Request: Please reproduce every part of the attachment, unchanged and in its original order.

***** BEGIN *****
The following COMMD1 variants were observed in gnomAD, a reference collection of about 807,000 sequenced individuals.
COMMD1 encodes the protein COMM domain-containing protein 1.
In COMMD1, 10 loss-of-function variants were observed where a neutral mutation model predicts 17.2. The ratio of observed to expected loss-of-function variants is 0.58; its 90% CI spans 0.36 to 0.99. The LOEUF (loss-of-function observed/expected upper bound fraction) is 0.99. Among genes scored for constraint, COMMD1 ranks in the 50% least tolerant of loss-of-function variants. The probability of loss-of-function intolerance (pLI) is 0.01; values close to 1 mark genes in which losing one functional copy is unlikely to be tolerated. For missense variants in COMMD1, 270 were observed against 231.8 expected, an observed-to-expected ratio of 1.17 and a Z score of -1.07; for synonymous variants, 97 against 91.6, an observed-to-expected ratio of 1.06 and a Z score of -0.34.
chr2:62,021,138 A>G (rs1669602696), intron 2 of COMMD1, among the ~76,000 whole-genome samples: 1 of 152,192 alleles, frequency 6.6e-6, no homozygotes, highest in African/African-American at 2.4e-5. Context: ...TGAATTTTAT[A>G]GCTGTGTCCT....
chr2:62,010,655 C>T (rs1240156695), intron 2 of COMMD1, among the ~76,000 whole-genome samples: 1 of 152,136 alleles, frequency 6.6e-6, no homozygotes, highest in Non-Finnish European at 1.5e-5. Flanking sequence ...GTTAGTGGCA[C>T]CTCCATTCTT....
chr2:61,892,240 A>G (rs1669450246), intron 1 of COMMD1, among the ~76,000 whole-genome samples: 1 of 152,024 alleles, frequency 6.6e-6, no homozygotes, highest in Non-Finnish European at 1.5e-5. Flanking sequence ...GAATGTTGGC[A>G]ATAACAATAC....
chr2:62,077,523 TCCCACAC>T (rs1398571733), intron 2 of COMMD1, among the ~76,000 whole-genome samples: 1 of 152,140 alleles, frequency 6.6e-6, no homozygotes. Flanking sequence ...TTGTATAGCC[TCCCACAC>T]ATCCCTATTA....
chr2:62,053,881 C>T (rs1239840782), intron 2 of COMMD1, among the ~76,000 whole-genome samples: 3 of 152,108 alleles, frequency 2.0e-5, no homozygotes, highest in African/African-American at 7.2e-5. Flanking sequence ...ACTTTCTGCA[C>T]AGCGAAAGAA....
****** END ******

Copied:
The following COMMD1 variants were observed in gnomAD, a reference collection of about 807,000 sequenced individuals.
COMMD1 encodes the protein COMM domain-containing protein 1.
In COMMD1, 10 loss-of-function variants were observed where a neutral mutation model predicts 17.2. The ratio of observed to expected loss-of-function variants is 0.58; its 90% CI spans 0.36 to 0.99. The LOEUF (loss-of-function observed/expected upper bound fraction) is 0.99. Among genes scored for constraint, COMMD1 ranks in the 50% least tolerant of loss-of-function variants. The probability of loss-of-function intolerance (pLI) is 0.01; values close to 1 mark genes in which losing one functional copy is unlikely to be tolerated. For missense variants in COMMD1, 270 were observed against 231.8 expected, an observed-to-expected ratio of 1.17 and a Z score of -1.07; for synonymous variants, 97 against 91.6, an observed-to-expected ratio of 1.06 and a Z score of -0.34.
chr2:62,021,138 A>G (rs1669602696), intron 2 of COMMD1, among the ~76,000 whole-genome samples: 1 of 152,192 alleles, frequency 6.6e-6, no homozygotes, highest in African/African-American at 2.4e-5. Context: ...TGAATTTTAT[A>G]GCTGTGTCCT....
chr2:62,010,655 C>T (rs1240156695), intron 2 of COMMD1, among the ~76,000 whole-genome samples: 1 of 152,136 alleles, frequency 6.6e-6, no homozygotes, highest in Non-Finnish European at 1.5e-5. Flanking sequence ...GTTAGTGGCA[C>T]CTCCATTCTT....
chr2:61,892,240 A>G (rs1669450246), intron 1 of COMMD1, among the ~76,000 whole-genome samples: 1 of 152,024 alleles, frequency 6.6e-6, no homozygotes, highest in Non-Finnish European at 1.5e-5. Flanking sequence ...GAATGTTGGC[A>G]ATAACAATAC....
chr2:62,077,523 TCCCACAC>T (rs1398571733), intron 2 of COMMD1, among the ~76,000 whole-genome samples: 1 of 152,140 alleles, frequency 6.6e-6, no homozygotes. Flanking sequence ...TTGTATAGCC[TCCCACAC>T]ATCCCTATTA....
chr2:62,053,881 C>T (rs1239840782), intron 2 of COMMD1, among the ~76,000 whole-genome samples: 3 of 152,108 alleles, frequency 2.0e-5, no homozygotes, highest in African/African-American at 7.2e-5. Flanking sequence ...ACTTTCTGCA[C>T]AGCGAAAGAA....